Musical "Heathers" at The York: teen angst with a body count
Canadian premiere features top-flight local talent
Hell, philosophers tell us, is Other People. But High School is way worse: whole posses of hellish Others, each in their own way out to grind us down. Teenage suicides, shootouts and mass murders are rife – always good for a few laughs.
Such is the vision of co-authors Laurence O'Keefe and Kevin Murphy in their darkling stage musical version of the 1989 Wynona Rider movie "Heathers." Over the past five years, the show has attained cult classic status in productions across the U.S., not to mention Australia and Scotland. Now, under the direction of Vancouver's own freelance funnyman David C. Jones, it makes its Canadian debut.
To bring it off, Jones has tapped just about all of Vancouver's BFA and MFA theatre programs to assemble a bevy of local talent -- 17 actors, a musical septet and an eight-member production team -- for his "Gently with a Chainsaw Artists' Collective." The show runs through January 17th.
The GWACAC won't hold the Canadian monopoly on "Heathers" for long. Toronto and New Brunswick troupes will stage their own versions in February and March, respectively. It seems in this U.S. election year, Canadians just can’t get enough of schadenfreude about the murderous juvenilia south of our border.
Let's not kid ourselves, though, that High School Hell can't happen here. Vancouverites might find the show's interplay of adolescent cliques and clans all too familiar. From the very first scene, the jocks, nerds, preppies and hipsters of generically suburban Westerburg High all jostle each other in a non-stop quadrille of one-upmanship.
Queening it over them all is a trio of cheerleader types, all bearing the quintessentially Gen-X girly name Heather. Red Heather (Synthia Yusuf) tops the triumverate, with Yellow Heather (Devon Busswood) as her ditzy blonde acolyte and Green Heather (Nhi Do) as her downtrodden flunky. A pair of varsity lettermen (Colin Sheen and Hal Wesley Rogers) serve as their slavish squires.
Needing an accomplished forger for hall passes and such, the Heathers recruit brainy, neurotic Veronica (Christine Quintana), the narrator and star of the show. She’s flattered, at first, to be so suddenly catapulted from wallflower obscurity to the innermost circle of prestige. But then she falls for J.D. (Kamyar Pazandeh), a new boy in town. He’s a darkly handsome, black-trenchcoated, Baudelaire-spouting loner – anathema to the in-crowd.
Even more outrée, by Westerburg High standards, is Veronica’s long-standing best friend, Martha (Steffanie Davis), who’s XXL both in heart and in dress size. The Heathers dupe her into showing up at a drunken homecoming bash, only to cruelly prank her. Veronica, outraged, resigns their clique, only to repent the morning after and beg Red Heather for forgiveness.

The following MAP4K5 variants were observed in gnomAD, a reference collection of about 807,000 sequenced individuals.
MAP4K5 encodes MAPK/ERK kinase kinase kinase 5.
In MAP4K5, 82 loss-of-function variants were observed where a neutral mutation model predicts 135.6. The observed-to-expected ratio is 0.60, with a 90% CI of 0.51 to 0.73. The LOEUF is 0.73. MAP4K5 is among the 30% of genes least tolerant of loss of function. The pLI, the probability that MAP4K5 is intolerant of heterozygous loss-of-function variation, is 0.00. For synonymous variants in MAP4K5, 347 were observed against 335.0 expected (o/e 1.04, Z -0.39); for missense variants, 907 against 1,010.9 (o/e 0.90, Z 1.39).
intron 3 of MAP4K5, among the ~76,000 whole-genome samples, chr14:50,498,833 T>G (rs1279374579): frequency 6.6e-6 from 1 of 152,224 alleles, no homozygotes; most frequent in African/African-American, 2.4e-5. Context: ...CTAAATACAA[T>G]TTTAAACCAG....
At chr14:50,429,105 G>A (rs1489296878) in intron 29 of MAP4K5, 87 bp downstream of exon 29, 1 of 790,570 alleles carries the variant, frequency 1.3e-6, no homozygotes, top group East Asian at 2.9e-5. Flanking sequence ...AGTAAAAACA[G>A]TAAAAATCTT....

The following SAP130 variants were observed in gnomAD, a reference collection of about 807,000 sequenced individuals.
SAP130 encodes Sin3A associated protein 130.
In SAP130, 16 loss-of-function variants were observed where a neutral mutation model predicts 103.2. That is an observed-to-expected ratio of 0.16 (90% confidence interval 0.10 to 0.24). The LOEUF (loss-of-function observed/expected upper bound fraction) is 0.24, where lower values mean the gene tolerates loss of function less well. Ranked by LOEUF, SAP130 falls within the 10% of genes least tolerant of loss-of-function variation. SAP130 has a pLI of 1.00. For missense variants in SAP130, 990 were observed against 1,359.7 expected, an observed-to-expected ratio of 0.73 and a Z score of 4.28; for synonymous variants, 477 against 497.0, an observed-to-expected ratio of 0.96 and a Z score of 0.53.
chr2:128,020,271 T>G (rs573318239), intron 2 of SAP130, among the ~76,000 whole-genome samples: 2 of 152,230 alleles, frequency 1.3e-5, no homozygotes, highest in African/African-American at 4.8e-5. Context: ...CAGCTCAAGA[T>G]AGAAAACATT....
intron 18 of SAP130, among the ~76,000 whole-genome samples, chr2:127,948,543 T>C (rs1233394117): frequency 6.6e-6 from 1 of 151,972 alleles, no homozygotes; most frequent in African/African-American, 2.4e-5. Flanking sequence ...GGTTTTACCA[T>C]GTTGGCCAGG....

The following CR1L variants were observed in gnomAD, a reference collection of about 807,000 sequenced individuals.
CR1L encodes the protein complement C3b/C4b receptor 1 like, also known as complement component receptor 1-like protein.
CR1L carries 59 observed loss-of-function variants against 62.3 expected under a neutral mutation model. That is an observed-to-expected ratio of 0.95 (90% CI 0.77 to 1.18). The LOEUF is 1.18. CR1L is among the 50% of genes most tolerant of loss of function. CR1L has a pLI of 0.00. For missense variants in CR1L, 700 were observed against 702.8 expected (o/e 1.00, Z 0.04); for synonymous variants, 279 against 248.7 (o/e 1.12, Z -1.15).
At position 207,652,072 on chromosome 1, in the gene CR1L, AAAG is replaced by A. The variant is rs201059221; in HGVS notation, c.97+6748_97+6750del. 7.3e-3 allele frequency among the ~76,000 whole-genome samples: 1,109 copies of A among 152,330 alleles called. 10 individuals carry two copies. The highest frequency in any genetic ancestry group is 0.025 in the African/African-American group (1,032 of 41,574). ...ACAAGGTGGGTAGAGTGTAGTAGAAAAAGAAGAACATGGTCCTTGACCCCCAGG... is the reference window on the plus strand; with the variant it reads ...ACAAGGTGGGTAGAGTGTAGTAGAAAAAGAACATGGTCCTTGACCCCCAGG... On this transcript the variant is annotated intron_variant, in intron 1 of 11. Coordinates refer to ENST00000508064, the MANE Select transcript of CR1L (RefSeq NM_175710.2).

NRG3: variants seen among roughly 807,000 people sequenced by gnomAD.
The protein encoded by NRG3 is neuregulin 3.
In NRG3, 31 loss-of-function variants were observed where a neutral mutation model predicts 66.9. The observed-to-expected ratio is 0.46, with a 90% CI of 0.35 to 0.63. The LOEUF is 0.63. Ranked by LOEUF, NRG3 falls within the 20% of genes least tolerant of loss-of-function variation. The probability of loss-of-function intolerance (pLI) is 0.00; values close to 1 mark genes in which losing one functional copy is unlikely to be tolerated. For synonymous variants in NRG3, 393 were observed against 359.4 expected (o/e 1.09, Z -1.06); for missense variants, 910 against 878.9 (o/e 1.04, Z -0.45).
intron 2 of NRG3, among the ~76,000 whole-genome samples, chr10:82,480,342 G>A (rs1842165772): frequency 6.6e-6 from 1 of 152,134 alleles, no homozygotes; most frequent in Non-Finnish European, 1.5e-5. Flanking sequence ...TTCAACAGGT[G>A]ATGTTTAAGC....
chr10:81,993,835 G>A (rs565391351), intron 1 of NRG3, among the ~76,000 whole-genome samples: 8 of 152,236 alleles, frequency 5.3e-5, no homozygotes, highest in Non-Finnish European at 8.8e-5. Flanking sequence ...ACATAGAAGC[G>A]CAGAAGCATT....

The alpha bitch demands a groveling apology, with Veronica meekly on her knees offering up a “hair-of-the-dog” hangover remedy – which D.J. has spiked (accidentally?) with Draino. Red Heather promptly dies in hideous conniptions, leaving it to Veronica to invent a cover-up story. Using her forgery skills, she concocts a Sylvia Plath-inspired suicide note that makes Dead Heather sound much deeper, posthumously, than Red Heather ever seemed in life.
Ensues a round of “consciousness-raising” suicide prevention assemblies at the school. A graveside séance with the surviving Heathers and their pet lettermen turns into an attempted date rape of Veronica. In revenge, J.D. lures the two football yobs back to the graveyard and out of their pants, then cooly shoots them dead.
Again Veronica deflects suspicion with a couple of forged suicide notes. But these improvisations are starting to spark a real-life suicide epidemic, with both Yellow Heather and gentle Martha attempting to do themselves in. And by now it’s starting to dawn on Veronica that her tender swain might have an anger management problem. Her angst grows as she’s haunted by the shades of her victims.
She tries to break up with J.D., which only incites him to further violence. Why not blow up the whole student body at a go with a bomb at a pep rally? Trying to thwart him, she winds up shooting him with his own gun. But then there’s still the ticking IED…
A lot of this is morbidly funny, but much of the witty libretto gets lost in the jagged, thumping rock instrumentation. Music director Steven Greenfield sets a cracking pace for his seven-member combo, so at least the score hustles the action along briskly enough to mask any gaps in narrative logic or plausible characterization. This sense of velocity is much helped by set designer Sarah Mabberley’s fluid mise en scène – a jumble of crates and benches that are constantly reconfigured to become anything from a school locker to a TV to a tombstone to a sofa to a Lovers’ Leap to a stadium bleacher, inter alia.
No trace of lyricism here – not in the music, nor in Ken Overbey’s rather callisthenic choreography, nor in the loveless sex scenes. How could there be, given the crass realities of High School Hell? One welcome lapse in the unremitting brutalism, though, comes when Yusuf, as Red Heather’s ghost, breaks into a graceful series of balletic arabesques while her mourners intone lines from her eloquently forged suicide note.
But then, right after this eulogy, she resumes her characteristic slouch and pout.